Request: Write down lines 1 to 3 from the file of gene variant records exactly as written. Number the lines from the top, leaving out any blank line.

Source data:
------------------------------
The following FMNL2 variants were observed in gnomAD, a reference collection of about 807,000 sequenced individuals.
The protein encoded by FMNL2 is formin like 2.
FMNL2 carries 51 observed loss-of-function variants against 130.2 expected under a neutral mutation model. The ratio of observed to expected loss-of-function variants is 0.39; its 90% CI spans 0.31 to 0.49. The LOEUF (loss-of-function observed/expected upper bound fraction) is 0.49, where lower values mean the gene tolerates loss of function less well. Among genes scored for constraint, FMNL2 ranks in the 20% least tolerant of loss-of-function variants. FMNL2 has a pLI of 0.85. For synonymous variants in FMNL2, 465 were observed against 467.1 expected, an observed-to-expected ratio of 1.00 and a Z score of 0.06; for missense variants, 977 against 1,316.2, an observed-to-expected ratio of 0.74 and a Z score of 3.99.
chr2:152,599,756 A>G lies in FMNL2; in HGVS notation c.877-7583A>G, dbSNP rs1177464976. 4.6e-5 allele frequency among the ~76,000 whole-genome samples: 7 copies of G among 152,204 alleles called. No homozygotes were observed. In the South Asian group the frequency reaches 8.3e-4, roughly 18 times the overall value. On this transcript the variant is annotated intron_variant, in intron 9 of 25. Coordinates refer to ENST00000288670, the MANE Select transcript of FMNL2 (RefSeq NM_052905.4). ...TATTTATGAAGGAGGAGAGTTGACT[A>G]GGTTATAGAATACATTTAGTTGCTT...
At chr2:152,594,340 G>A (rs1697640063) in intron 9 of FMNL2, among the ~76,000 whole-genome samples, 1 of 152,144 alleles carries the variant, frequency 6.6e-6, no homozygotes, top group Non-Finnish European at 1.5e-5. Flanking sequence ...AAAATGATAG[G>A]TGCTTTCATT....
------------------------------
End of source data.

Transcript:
The following FMNL2 variants were observed in gnomAD, a reference collection of about 807,000 sequenced individuals.
The protein encoded by FMNL2 is formin like 2.
FMNL2 carries 51 observed loss-of-function variants against 130.2 expected under a neutral mutation model. The ratio of observed to expected loss-of-function variants is 0.39; its 90% CI spans 0.31 to 0.49. The LOEUF (loss-of-function observed/expected upper bound fraction) is 0.49, where lower values mean the gene tolerates loss of function less well. Among genes scored for constraint, FMNL2 ranks in the 20% least tolerant of loss-of-function variants. FMNL2 has a pLI of 0.85. For synonymous variants in FMNL2, 465 were observed against 467.1 expected, an observed-to-expected ratio of 1.00 and a Z score of 0.06; for missense variants, 977 against 1,316.2, an observed-to-expected ratio of 0.74 and a Z score of 3.99.